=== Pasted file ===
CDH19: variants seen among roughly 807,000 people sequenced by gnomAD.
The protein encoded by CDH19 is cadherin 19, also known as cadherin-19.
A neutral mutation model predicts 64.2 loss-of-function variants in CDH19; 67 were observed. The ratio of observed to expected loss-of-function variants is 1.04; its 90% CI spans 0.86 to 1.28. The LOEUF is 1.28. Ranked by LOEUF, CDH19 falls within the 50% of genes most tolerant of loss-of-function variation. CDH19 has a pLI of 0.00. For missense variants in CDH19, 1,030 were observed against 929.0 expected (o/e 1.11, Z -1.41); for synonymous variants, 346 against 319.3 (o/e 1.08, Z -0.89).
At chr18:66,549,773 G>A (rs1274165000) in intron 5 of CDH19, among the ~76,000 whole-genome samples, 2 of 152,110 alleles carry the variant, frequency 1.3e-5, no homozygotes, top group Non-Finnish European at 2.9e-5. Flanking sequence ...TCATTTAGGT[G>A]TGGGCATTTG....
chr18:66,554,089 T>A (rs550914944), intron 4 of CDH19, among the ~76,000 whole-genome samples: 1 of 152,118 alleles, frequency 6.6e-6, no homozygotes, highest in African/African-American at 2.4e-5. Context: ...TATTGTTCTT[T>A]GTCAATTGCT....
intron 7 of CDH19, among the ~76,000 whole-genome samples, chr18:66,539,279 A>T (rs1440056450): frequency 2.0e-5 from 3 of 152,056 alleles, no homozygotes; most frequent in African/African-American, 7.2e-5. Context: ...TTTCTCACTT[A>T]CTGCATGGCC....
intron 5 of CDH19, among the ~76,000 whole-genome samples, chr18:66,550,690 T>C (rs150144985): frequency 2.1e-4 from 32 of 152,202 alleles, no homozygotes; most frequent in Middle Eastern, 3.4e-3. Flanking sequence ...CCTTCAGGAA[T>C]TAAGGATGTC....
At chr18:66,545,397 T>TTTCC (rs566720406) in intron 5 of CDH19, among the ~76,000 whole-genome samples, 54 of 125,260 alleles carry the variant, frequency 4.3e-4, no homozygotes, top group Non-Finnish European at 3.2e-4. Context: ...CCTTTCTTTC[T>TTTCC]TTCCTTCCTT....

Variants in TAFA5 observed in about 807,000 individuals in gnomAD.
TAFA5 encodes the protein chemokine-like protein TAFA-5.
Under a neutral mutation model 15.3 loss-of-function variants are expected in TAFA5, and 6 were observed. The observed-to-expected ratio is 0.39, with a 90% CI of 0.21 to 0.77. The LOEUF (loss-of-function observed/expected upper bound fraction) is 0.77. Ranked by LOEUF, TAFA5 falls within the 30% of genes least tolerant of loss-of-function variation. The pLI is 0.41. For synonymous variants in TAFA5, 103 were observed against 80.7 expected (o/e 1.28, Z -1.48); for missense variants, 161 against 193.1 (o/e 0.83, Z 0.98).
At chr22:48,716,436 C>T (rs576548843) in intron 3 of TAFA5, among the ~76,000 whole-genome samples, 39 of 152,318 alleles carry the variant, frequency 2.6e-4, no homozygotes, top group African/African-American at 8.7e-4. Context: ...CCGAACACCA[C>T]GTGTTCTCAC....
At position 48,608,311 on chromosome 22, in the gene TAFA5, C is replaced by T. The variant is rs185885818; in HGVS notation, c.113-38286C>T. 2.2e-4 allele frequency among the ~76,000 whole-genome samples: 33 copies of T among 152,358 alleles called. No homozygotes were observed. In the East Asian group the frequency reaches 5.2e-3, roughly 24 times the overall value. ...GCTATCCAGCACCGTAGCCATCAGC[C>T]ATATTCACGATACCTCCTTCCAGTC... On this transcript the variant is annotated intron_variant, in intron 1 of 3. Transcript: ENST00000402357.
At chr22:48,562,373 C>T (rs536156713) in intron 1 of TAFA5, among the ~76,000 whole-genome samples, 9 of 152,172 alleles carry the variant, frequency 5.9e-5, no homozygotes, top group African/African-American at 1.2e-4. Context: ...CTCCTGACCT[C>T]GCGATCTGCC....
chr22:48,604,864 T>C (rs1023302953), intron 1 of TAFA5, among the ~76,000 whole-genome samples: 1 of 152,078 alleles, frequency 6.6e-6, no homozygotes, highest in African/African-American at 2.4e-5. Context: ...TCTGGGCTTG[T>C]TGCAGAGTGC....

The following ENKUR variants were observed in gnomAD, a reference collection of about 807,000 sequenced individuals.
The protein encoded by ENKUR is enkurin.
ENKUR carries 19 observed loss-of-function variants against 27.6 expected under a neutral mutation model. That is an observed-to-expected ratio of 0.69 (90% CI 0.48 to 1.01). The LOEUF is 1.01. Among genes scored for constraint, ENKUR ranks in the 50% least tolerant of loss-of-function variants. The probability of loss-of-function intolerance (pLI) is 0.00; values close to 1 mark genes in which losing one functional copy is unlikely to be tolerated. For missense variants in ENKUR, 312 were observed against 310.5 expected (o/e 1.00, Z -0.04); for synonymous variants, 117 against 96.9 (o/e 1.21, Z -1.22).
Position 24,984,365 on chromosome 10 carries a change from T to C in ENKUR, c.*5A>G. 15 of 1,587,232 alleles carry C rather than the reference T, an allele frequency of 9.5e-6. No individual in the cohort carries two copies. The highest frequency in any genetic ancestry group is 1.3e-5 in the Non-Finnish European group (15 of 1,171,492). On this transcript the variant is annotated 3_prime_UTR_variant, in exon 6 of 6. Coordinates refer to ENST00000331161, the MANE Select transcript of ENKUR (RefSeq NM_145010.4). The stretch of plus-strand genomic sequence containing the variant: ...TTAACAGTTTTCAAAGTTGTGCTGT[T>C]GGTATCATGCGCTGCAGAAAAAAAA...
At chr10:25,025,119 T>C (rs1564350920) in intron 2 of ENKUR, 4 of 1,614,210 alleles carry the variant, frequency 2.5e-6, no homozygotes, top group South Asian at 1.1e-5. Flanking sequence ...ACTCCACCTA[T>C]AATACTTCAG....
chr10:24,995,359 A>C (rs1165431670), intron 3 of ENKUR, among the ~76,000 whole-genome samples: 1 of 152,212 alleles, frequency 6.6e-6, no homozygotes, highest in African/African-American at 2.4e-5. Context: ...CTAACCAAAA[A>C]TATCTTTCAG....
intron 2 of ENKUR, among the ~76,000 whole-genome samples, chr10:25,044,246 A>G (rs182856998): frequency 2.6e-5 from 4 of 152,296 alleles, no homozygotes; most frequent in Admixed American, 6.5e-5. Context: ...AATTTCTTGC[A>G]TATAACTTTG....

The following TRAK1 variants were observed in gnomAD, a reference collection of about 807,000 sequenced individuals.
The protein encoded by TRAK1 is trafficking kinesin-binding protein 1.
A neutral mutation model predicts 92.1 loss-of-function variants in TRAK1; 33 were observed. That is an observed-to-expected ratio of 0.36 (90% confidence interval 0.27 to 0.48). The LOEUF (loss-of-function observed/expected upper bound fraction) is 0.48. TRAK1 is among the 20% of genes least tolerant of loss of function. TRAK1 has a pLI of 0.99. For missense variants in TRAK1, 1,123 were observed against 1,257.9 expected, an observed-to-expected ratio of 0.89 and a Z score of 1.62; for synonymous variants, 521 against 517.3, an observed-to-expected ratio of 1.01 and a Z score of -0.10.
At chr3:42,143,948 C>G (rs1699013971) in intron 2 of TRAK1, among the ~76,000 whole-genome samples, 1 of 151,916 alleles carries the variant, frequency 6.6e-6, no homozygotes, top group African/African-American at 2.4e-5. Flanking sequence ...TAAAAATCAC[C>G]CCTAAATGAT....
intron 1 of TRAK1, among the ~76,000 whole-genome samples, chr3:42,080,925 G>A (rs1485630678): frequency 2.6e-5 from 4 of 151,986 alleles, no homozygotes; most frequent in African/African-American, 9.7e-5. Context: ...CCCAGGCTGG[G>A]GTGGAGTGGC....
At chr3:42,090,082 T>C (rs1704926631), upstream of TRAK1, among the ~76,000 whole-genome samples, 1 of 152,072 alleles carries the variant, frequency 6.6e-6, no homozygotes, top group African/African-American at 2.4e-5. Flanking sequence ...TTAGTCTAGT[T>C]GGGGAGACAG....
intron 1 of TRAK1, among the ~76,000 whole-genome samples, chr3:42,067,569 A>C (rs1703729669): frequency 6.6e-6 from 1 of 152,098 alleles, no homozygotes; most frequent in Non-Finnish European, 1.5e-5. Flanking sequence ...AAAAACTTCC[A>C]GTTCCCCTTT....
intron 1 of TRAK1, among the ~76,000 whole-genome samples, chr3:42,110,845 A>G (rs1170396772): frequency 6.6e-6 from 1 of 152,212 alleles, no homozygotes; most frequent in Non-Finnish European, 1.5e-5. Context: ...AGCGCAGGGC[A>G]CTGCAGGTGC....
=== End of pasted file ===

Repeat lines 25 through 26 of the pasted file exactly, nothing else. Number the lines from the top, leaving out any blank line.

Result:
A neutral mutation model predicts 92.1 loss-of-function variants in TRAK1; 33 were observed. That is an observed-to-expected ratio of 0.36 (90% confidence interval 0.27 to 0.48). The LOEUF (loss-of-function observed/expected upper bound fraction) is 0.48. TRAK1 is among the 20% of genes least tolerant of loss of function. TRAK1 has a pLI of 0.99. For missense variants in TRAK1, 1,123 were observed against 1,257.9 expected, an observed-to-expected ratio of 0.89 and a Z score of 1.62; for synonymous variants, 521 against 517.3, an observed-to-expected ratio of 1.01 and a Z score of -0.10.
At chr3:42,143,948 C>G (rs1699013971) in intron 2 of TRAK1, among the ~76,000 whole-genome samples, 1 of 151,916 alleles carries the variant, frequency 6.6e-6, no homozygotes, top group African/African-American at 2.4e-5. Flanking sequence ...TAAAAATCAC[C>G]CCTAAATGAT....